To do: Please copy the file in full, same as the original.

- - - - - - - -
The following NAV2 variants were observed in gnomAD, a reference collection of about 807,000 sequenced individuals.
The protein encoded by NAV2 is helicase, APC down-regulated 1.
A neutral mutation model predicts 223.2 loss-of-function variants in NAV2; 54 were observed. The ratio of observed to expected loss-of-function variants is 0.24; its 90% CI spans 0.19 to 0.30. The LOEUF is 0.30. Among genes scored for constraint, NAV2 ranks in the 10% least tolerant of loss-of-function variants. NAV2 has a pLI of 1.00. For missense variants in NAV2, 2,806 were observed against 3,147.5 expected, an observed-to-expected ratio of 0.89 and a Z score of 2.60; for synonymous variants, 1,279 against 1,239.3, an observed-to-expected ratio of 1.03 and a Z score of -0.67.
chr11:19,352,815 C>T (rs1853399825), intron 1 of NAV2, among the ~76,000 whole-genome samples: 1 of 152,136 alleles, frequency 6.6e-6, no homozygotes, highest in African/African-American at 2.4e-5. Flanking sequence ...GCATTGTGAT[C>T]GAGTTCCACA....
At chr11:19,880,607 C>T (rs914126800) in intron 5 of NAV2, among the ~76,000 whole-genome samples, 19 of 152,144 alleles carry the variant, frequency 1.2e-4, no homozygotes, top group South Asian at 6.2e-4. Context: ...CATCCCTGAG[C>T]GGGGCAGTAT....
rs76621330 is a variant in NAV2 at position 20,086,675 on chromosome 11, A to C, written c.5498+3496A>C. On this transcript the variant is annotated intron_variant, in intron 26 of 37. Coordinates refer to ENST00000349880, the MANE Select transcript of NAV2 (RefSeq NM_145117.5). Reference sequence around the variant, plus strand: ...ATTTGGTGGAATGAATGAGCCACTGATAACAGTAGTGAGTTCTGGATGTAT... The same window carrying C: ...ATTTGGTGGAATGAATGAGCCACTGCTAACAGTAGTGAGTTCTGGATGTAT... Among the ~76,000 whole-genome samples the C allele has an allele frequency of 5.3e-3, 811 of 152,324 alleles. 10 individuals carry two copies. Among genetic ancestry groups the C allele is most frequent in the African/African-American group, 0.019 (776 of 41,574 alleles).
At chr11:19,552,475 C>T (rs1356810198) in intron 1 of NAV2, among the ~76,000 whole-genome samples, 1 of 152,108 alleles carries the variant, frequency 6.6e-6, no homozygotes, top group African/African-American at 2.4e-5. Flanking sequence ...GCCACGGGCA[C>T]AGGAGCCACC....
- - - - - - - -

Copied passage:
The following NAV2 variants were observed in gnomAD, a reference collection of about 807,000 sequenced individuals.
The protein encoded by NAV2 is helicase, APC down-regulated 1.
A neutral mutation model predicts 223.2 loss-of-function variants in NAV2; 54 were observed. The ratio of observed to expected loss-of-function variants is 0.24; its 90% CI spans 0.19 to 0.30. The LOEUF is 0.30. Among genes scored for constraint, NAV2 ranks in the 10% least tolerant of loss-of-function variants. NAV2 has a pLI of 1.00. For missense variants in NAV2, 2,806 were observed against 3,147.5 expected, an observed-to-expected ratio of 0.89 and a Z score of 2.60; for synonymous variants, 1,279 against 1,239.3, an observed-to-expected ratio of 1.03 and a Z score of -0.67.
chr11:19,352,815 C>T (rs1853399825), intron 1 of NAV2, among the ~76,000 whole-genome samples: 1 of 152,136 alleles, frequency 6.6e-6, no homozygotes, highest in African/African-American at 2.4e-5. Flanking sequence ...GCATTGTGAT[C>T]GAGTTCCACA....
At chr11:19,880,607 C>T (rs914126800) in intron 5 of NAV2, among the ~76,000 whole-genome samples, 19 of 152,144 alleles carry the variant, frequency 1.2e-4, no homozygotes, top group South Asian at 6.2e-4. Context: ...CATCCCTGAG[C>T]GGGGCAGTAT....
rs76621330 is a variant in NAV2 at position 20,086,675 on chromosome 11, A to C, written c.5498+3496A>C. On this transcript the variant is annotated intron_variant, in intron 26 of 37. Coordinates refer to ENST00000349880, the MANE Select transcript of NAV2 (RefSeq NM_145117.5). Reference sequence around the variant, plus strand: ...ATTTGGTGGAATGAATGAGCCACTGATAACAGTAGTGAGTTCTGGATGTAT... The same window carrying C: ...ATTTGGTGGAATGAATGAGCCACTGCTAACAGTAGTGAGTTCTGGATGTAT... Among the ~76,000 whole-genome samples the C allele has an allele frequency of 5.3e-3, 811 of 152,324 alleles. 10 individuals carry two copies. Among genetic ancestry groups the C allele is most frequent in the African/African-American group, 0.019 (776 of 41,574 alleles).
At chr11:19,552,475 C>T (rs1356810198) in intron 1 of NAV2, among the ~76,000 whole-genome samples, 1 of 152,108 alleles carries the variant, frequency 6.6e-6, no homozygotes, top group African/African-American at 2.4e-5. Flanking sequence ...GCCACGGGCA[C>T]AGGAGCCACC....